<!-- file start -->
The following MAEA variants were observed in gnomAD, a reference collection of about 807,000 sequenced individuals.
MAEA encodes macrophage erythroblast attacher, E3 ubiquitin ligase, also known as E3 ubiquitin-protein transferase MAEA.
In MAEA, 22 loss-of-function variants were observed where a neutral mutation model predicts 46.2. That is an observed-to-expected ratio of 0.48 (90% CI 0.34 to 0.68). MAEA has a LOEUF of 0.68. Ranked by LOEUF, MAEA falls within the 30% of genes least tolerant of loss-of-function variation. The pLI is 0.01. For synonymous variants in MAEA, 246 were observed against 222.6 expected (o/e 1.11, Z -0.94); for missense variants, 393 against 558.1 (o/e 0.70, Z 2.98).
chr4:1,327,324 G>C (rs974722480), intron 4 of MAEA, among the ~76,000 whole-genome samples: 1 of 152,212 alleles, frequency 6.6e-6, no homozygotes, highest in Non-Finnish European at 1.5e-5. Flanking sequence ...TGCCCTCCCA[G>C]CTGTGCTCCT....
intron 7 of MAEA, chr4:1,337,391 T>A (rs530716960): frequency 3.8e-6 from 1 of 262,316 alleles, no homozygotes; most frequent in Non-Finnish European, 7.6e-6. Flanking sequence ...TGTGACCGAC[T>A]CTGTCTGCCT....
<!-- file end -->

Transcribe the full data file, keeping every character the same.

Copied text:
The following MAEA variants were observed in gnomAD, a reference collection of about 807,000 sequenced individuals.
MAEA encodes macrophage erythroblast attacher, E3 ubiquitin ligase, also known as E3 ubiquitin-protein transferase MAEA.
In MAEA, 22 loss-of-function variants were observed where a neutral mutation model predicts 46.2. That is an observed-to-expected ratio of 0.48 (90% CI 0.34 to 0.68). MAEA has a LOEUF of 0.68. Ranked by LOEUF, MAEA falls within the 30% of genes least tolerant of loss-of-function variation. The pLI is 0.01. For synonymous variants in MAEA, 246 were observed against 222.6 expected (o/e 1.11, Z -0.94); for missense variants, 393 against 558.1 (o/e 0.70, Z 2.98).
chr4:1,327,324 G>C (rs974722480), intron 4 of MAEA, among the ~76,000 whole-genome samples: 1 of 152,212 alleles, frequency 6.6e-6, no homozygotes, highest in Non-Finnish European at 1.5e-5. Flanking sequence ...TGCCCTCCCA[G>C]CTGTGCTCCT....
intron 7 of MAEA, chr4:1,337,391 T>A (rs530716960): frequency 3.8e-6 from 1 of 262,316 alleles, no homozygotes; most frequent in Non-Finnish European, 7.6e-6. Flanking sequence ...TGTGACCGAC[T>A]CTGTCTGCCT....